Immunization highlights: 2011
Supporting countries in evidence-based decision-making
Vaccine and immunization policy-making
Evidence-based immunization policy recommendations are formulated through the regular consultation of experts from around the world. SAGE ― established in 1999 by the WHO Director-General ― is the principal advisory group to WHO for vaccines and immunization. It is charged with advising WHO on overall global policies and strategies, ranging from vaccine technology and research and development, to delivery of immunization and its linkages with other health interventions. SAGE is concerned with vaccines and immunization for all age groups.
In 2011, two SAGE meetings were held. At the April meeting, a cross-cutting concern emerged that weak primary health care services, particularly in Africa, are impeding the ability of countries to deliver on immunization strategies. Health systems strengthening, and the creation of a grassroots advocacy movement at global, national and community levels in support of access to vaccines, will be needed if we are to achieve the global immunization targets that have been set.
At the November meeting, the strategy to eradicate the remaining strains of wild poliovirus was discussed at length. SAGE stated unequivocally that the risk of failure to finish global polio eradication constitutes a programmatic emergency of global proportions for public health and is not acceptable under any circumstances.
Three new WHO position papers on vaccines published
Three new or updated position papers were published in the WHO Weekly Epidemiological Record — on tick-borne encephalitis, rubella and meningococcal. As with all WHO position papers on vaccines, prior to publication, the papers were reviewed by experts within and outside WHO and follow the recommendations of SAGE on immunization.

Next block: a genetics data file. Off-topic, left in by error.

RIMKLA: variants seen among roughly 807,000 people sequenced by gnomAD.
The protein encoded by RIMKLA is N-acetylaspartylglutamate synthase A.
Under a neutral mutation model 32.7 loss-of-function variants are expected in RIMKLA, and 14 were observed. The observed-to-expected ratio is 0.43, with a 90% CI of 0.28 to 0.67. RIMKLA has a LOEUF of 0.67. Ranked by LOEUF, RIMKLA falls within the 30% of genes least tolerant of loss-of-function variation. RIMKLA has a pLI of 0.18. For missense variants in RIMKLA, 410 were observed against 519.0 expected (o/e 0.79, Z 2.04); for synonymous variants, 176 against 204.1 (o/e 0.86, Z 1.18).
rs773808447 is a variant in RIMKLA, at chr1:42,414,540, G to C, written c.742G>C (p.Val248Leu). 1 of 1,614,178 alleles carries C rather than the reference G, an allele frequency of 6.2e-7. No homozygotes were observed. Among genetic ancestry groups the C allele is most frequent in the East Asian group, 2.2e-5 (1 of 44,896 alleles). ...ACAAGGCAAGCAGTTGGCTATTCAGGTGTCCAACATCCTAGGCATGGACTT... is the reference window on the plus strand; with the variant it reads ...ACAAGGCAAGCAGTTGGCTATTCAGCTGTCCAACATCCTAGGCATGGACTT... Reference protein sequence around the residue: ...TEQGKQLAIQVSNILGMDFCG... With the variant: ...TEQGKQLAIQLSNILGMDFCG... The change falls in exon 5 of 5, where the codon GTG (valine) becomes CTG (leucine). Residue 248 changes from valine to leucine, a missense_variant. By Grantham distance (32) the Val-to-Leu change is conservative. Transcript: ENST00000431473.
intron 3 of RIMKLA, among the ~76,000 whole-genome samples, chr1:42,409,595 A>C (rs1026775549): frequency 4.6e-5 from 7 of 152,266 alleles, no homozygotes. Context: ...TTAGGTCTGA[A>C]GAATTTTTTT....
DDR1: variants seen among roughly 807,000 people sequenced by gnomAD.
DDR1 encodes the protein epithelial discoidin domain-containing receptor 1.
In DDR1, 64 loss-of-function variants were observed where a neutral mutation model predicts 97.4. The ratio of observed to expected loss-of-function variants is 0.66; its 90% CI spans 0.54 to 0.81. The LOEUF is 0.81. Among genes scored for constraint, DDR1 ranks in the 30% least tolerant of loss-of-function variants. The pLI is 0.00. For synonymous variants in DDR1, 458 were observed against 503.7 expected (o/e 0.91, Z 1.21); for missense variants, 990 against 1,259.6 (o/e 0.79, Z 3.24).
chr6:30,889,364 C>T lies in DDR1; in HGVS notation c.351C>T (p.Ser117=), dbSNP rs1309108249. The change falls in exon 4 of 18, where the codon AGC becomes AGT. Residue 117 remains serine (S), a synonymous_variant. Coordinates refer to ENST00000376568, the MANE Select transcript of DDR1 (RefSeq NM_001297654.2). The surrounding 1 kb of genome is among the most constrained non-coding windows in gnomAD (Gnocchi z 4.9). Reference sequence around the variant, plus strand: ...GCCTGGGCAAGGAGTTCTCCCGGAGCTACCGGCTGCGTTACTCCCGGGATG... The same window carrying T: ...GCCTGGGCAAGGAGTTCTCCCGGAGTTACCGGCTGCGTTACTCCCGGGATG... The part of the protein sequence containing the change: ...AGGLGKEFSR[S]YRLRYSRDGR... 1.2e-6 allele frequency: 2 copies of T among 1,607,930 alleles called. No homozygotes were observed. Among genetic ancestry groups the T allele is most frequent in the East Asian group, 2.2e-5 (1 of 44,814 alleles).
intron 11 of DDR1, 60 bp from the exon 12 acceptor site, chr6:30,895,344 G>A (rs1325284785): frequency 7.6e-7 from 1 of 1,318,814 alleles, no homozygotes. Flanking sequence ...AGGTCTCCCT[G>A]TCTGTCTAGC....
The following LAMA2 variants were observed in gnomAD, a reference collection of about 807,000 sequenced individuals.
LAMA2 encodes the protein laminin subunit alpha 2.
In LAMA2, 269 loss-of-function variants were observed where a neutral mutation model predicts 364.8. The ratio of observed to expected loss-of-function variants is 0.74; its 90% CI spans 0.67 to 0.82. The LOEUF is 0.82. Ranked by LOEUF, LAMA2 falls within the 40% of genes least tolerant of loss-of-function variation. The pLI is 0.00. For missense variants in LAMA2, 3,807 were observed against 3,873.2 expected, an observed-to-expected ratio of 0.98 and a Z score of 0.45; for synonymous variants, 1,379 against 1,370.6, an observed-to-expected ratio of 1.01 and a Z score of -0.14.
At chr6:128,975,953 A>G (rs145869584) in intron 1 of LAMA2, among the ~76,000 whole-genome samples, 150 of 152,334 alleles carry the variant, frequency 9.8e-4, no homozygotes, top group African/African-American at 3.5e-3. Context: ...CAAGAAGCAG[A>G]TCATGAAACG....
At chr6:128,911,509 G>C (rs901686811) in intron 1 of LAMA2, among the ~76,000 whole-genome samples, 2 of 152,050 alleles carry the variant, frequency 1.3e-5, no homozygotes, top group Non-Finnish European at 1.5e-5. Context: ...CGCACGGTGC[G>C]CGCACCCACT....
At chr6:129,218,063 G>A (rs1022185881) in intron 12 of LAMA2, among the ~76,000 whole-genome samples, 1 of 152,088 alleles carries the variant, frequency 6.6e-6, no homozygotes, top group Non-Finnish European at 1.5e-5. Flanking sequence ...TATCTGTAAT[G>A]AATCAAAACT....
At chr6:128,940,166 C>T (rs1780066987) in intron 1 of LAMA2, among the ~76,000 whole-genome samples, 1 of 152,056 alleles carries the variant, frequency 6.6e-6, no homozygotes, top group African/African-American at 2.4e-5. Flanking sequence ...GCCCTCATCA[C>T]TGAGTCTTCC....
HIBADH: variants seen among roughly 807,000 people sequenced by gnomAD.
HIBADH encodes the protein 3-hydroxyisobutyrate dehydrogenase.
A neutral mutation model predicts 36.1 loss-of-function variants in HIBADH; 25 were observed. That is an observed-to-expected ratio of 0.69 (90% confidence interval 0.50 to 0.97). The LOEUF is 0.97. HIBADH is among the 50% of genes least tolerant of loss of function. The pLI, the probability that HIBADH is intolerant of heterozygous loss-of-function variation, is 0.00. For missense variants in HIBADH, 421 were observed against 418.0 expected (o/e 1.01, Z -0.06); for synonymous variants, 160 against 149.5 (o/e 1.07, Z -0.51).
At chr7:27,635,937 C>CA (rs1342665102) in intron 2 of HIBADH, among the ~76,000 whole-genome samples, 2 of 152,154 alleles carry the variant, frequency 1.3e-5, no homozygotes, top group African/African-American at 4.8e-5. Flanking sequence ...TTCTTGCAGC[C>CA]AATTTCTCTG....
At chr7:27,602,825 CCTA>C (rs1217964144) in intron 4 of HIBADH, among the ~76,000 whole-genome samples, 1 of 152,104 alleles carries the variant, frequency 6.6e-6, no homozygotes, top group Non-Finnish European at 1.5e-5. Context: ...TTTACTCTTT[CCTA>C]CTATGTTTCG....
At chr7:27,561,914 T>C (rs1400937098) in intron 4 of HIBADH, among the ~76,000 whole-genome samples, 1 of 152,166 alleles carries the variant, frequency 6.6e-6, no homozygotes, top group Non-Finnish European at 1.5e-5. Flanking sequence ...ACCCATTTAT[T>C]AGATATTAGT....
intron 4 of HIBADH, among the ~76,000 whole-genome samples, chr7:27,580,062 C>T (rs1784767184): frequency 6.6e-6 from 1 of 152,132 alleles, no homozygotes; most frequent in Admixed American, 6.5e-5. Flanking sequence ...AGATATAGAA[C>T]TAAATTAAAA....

Substantive supporting material — a summary, grading tables of scientific evidence on which the paper is based, key references and presentation slides — is posted with all new and updated position papers.
WHO recommendations for routine immunization
Immunization is no longer limited to the classic six vaccines for children. New products, including for adolescents, adults and seniors, are available to prevent disease, disability and death. To assist countries in creating optimal immunization schedules, WHO has produced tables summarizing its current recommendations on routine immunization. Details on the recommended timing of routine immunization of children are also included. In addition, a short orientation guide has been developed as a companion piece to facilitate the use of the WHO summary tables. By consolidating its many recommendations into summary tables, WHO hopes to provide easy access to its policy advice and support national immunization programmes to critically examine, and possibly modify, their schedules.
Progress in establishing and strengthening National Immunization Technical Advisory Groups
In partnership with the Supporting National Independent Immunization and Vaccine Advisory Committees Initiative and other partners, WHO continued its efforts to assist countries in establishing and strengthening their National Immunization Technical Advisory Groups (NITAGs). NITAGs advise governments, policy-makers and programme managers on technical issues related to national immunization programmes and on the formulation of national immunization policies and strategies.
NITAG specific indicators are now included in the WHO/UNICEF joint reporting form. By the end of 2010, 50% of countries reported the existence of an NITAG with a legislative or administrative basis which represents a 10% increase since 2008. In addition, an increasing number of countries confirmed that their NITAGs have established formal terms of reference and a requirement for members to disclose their interests. This is crucial as the main advantage of a NITAG is the transparency and credibility that its independent expert members bring to the decision-making process, the national immunization programme and the government at large.